This post was originally published on our partner website India.com:
It’s a question that definitely warrants further exploration. What makes well-travelled, new-age Indians, who have education and financial privilege, choose arranged marriages over love?
Rohena Gera’s new documentary “What’s Love Got To Do With It” attempts to tackle this question by interviewing various upper-class couples and individuals in North India as they search for their bride or groom.
As the film progressed, Gera focused on the benefits and disadvantages of two competing styles of marriage, and how the comparison helps people choose what might be best for them. Does love really make for a better marriage? Or does the arranged marriage concept work better in the long run?
Both these questions go hand-in-hand and make for fantastic hypotheses for a documentary to investigate. The film definitely provided a wealth of answers from those interviews.
“What’s Love Got To Do With It” is a good film in its own right and definitely addresses a lot of relevant issues that need to be raised and highlighted about India’s long history of putting so much importance on marriage. And much of that comes from the great and willing-to-speak subjects interviewed for the film.
We see Alisha, a woman in her 30s who had a romantic relationship while she was working in America and really doesn’t seem to have interest in an arranged marriage; Sai, who is also a working woman looking for a husband via the arranged marriage track; Maulik, who studied in America and recently got out of a relationship with a “white woman” he thought would end in marriage; Tejasthree and Kaustubah, a couple whose arranged marriage unfolds onscreen; Karishma, another woman searching for an arranged marriage; Anuj and Archana, a couple who were married the arranged way; Gopal, a man who went through the arranged marriage circuit and got divorced, and finally Farah, who had the same story as Gopal but still struggles with her divorce. And, of course, the parents of most of these people were interviewed as well.
Gera should be commended for finding people who are/were in a wide variety of relationship situations. Not to mention, finding people in India who was willing to speak about their divorce so openly must have been difficult too. The people who stood out the most were the ones who expressed their ideas about marriage, love and divorce.
Alisha will probably strike a chord with most unmarried women of her age as she truly depicted the feelings of a modern woman who isn’t afraid to speak her mind and choose the right person who will accept her. But her parents are worried about what people might say about their daughter who remains unmarried in her 30s.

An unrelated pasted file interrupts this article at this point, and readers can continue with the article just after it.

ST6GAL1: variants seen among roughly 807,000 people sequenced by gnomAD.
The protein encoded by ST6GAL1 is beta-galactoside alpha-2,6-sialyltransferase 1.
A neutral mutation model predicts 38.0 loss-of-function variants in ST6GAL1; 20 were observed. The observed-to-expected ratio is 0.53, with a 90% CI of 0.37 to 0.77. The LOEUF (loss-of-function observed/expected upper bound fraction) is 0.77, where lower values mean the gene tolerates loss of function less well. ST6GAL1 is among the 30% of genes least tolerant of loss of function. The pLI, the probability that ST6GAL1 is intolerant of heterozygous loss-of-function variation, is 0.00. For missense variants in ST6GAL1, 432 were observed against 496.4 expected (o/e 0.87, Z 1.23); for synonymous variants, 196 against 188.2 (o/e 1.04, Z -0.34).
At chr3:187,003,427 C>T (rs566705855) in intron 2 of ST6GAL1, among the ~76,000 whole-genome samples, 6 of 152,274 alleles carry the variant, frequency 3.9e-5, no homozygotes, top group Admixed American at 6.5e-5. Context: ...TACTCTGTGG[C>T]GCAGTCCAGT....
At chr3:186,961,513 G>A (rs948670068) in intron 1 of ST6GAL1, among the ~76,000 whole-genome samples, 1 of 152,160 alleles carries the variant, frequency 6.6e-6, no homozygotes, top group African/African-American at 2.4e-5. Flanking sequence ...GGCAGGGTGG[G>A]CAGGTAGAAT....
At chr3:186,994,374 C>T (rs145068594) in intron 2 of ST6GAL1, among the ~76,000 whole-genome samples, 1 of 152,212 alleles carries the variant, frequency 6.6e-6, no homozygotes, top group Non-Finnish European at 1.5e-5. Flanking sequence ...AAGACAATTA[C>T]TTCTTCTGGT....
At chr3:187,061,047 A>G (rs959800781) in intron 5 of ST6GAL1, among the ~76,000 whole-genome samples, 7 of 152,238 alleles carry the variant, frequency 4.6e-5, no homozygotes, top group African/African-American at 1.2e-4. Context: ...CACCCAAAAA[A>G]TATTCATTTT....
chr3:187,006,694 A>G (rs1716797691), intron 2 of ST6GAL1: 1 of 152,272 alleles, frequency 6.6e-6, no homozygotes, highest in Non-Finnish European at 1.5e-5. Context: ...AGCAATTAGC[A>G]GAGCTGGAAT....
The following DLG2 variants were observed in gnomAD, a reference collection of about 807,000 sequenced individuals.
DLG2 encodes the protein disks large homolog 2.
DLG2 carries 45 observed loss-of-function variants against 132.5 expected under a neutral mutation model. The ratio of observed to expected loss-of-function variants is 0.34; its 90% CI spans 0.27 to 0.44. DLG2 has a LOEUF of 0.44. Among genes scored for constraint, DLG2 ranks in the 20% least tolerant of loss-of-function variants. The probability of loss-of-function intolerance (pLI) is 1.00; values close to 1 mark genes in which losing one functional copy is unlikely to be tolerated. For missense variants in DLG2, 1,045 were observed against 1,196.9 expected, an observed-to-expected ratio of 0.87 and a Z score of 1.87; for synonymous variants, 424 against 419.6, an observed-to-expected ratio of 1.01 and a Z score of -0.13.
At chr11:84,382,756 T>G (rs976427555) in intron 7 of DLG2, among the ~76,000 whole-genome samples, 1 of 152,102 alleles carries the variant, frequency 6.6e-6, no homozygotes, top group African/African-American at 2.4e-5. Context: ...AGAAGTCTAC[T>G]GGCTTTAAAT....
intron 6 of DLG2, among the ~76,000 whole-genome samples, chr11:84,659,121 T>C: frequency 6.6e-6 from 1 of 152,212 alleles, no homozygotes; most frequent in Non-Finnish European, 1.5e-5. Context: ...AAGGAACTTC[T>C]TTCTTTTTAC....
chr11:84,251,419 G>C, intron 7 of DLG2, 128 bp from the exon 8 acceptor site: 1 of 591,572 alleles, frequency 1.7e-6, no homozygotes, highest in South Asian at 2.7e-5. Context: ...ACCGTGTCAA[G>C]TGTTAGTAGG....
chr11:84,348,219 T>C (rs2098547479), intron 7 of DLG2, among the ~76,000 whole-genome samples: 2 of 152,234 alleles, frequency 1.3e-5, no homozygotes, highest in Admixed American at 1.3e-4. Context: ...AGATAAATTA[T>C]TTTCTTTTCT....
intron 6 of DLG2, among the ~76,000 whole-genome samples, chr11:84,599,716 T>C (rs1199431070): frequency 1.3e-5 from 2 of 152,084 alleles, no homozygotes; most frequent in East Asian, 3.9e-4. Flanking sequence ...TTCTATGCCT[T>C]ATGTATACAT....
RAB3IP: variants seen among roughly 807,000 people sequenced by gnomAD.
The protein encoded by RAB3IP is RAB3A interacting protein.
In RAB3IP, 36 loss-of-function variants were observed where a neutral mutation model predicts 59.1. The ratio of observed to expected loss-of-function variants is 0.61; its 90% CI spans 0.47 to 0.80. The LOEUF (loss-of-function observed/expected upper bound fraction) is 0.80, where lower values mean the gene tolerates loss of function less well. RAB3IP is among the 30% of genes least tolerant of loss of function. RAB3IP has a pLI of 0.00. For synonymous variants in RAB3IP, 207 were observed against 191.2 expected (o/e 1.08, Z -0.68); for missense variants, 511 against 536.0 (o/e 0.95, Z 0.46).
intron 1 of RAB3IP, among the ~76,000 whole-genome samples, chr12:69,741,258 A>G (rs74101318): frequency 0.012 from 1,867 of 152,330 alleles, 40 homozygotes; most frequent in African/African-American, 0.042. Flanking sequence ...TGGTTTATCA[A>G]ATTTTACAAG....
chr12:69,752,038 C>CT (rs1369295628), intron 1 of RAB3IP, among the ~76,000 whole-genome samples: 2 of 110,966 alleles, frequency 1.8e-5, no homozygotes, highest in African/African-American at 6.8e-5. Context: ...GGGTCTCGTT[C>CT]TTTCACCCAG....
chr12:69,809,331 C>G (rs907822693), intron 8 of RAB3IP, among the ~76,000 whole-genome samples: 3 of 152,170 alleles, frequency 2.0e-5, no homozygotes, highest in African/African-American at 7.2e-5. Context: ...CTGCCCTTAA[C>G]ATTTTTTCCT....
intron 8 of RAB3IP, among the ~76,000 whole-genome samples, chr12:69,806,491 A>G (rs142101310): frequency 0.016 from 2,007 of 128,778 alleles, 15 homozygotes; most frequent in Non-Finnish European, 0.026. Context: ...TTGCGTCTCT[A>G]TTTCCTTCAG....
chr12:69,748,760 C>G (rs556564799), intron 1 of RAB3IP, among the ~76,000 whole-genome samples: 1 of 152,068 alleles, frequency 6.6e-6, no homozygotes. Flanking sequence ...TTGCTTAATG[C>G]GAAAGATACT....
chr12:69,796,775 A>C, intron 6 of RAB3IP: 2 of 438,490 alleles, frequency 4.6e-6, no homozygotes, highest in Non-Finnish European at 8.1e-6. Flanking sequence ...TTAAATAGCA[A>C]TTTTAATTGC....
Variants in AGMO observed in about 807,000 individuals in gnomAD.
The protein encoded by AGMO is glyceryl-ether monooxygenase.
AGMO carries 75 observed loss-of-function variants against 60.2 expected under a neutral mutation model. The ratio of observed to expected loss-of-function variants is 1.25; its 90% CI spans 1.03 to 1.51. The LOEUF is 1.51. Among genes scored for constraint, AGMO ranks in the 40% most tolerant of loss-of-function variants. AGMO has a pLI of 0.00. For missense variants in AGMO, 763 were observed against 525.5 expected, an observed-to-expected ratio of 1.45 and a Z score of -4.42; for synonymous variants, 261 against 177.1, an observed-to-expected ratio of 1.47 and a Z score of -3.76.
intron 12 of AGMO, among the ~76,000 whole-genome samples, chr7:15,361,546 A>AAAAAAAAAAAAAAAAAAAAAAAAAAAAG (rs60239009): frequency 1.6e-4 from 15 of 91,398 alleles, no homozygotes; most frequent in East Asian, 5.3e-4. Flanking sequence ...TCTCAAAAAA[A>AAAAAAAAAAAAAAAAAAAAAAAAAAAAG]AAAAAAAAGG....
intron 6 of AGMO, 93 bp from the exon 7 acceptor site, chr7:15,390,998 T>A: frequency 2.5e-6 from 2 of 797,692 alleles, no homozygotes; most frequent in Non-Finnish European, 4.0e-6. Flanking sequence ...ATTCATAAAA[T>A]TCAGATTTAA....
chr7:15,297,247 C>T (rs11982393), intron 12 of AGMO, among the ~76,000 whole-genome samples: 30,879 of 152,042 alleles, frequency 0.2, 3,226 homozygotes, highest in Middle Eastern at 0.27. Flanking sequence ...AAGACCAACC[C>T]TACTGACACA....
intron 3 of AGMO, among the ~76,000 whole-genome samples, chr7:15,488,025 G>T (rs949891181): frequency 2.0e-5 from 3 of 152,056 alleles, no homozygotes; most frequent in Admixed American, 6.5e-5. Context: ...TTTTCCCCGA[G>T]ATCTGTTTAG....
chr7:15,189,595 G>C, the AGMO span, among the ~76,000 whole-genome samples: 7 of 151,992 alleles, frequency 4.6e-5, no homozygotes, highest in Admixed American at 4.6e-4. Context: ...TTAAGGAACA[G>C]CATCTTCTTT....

Even today, single, adult women in India like Alisha, Sai, Karishma and Farah get dealt the most difficult hand in Indian society. They are all from families with means and yet somehow they’re not married and their ages are getting further and further away from the acceptable “marry-able” age. In Farah’s case, she also has to deal with being a woman who has been divorced, which is still a relatively uncomfortable notion in India.
A big struggle brought about with many of the women interviewed is the idea that they have all been educated in advanced ways. Many of them are working and enjoying their professional life, but their families and society believe that giving women that much freedom hinders their ability to find a suitable husband. And if they do find someone they like, they will have to sacrifice something for their future marital bliss.
The power and position still remain in the hands of the men and, unfortunately, urban Indian women know that.
The film’s humor is absolutely paramount to a documentary like this. And as stated before, the variety of stories conveyed is truly in-depth and fascinating to watch. Gera does a great job in particular by spending time on the women’s stories and dreams. After the screening, the stories were made even more interesting when Gera reveals where each person’s relationship status is today.
In the end, the main question of the film: Why do young Indians who seemingly have the resources and knowledge to make a choice choose arranged marriage over love? “What’s Love Got To Do With It” proves they don’t always do so, but it also gives us an array of reasons behind those who do make this decision. And that’s how it is in real life.
“What’s Love Got To Do With It” is screening in select cities around the country, with a couple coming up on June 3 in Plano, TX and June 4 in Newport Center, New Jersey. For more information, tickets, or to request a screening, check out www.whatslovethemovie.com.
Born in Texas, went to college in Missouri and now living in New York City, Keertana Sastry has a unique perspective on being Indian in different parts of America. Keertana has been working as both an entertainment, culture and lifestyle reporter, as well as a casting assistant for the film and TV industry. She loves to infuse her Indian heritage into her work and life.